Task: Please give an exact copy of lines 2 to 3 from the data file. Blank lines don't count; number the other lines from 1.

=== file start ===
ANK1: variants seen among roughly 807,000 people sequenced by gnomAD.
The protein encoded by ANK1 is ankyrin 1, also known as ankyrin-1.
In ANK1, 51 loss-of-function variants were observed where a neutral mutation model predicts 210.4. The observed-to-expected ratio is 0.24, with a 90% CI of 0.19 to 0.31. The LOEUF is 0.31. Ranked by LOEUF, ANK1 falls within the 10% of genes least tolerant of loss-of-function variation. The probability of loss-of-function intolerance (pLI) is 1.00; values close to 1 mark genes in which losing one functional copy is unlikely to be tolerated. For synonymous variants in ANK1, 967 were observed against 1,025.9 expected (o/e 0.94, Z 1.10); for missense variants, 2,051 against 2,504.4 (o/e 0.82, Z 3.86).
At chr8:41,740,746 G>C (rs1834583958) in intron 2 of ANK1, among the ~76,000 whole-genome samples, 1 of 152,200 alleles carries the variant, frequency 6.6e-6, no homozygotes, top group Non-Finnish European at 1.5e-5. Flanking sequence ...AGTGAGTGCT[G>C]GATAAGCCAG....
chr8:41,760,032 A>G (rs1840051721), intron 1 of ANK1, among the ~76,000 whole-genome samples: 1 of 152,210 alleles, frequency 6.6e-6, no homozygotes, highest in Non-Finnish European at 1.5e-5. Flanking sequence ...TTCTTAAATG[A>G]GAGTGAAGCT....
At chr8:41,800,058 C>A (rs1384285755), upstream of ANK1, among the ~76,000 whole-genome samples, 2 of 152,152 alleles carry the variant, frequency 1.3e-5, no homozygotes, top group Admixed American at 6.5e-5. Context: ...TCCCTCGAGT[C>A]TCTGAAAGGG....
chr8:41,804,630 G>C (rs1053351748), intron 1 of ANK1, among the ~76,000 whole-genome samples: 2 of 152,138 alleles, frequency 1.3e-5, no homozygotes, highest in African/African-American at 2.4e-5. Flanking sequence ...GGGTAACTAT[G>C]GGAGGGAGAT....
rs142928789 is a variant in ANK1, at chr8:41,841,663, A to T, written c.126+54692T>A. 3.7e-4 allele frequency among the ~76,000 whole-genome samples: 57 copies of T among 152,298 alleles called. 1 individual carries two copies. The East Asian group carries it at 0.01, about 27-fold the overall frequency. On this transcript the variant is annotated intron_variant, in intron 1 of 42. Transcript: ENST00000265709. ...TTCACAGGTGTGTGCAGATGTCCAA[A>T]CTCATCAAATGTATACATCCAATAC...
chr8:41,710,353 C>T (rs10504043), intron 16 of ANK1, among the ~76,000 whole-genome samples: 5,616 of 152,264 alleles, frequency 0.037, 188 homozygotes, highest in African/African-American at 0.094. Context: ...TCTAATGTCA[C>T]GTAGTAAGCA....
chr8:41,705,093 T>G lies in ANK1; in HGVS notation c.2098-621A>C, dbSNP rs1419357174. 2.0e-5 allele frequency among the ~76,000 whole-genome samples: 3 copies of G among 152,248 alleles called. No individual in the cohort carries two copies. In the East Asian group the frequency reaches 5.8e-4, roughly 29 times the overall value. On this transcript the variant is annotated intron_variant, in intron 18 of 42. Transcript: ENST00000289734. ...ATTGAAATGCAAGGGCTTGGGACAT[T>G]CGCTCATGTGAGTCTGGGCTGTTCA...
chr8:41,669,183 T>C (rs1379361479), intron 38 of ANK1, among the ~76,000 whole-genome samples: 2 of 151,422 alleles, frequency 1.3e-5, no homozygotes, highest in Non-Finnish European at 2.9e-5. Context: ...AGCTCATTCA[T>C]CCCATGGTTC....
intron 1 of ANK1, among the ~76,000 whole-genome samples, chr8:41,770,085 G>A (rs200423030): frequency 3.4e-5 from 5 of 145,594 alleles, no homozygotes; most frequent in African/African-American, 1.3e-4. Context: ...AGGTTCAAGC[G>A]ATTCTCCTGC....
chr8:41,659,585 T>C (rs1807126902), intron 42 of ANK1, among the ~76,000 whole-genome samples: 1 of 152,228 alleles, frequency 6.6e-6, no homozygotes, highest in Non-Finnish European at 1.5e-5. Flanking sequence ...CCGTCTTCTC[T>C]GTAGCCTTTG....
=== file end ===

The protein encoded by ANK1 is ankyrin 1, also known as ankyrin-1.
In ANK1, 51 loss-of-function variants were observed where a neutral mutation model predicts 210.4. The observed-to-expected ratio is 0.24, with a 90% CI of 0.19 to 0.31. The LOEUF is 0.31. Ranked by LOEUF, ANK1 falls within the 10% of genes least tolerant of loss-of-function variation. The probability of loss-of-function intolerance (pLI) is 1.00; values close to 1 mark genes in which losing one functional copy is unlikely to be tolerated. For synonymous variants in ANK1, 967 were observed against 1,025.9 expected (o/e 0.94, Z 1.10); for missense variants, 2,051 against 2,504.4 (o/e 0.82, Z 3.86).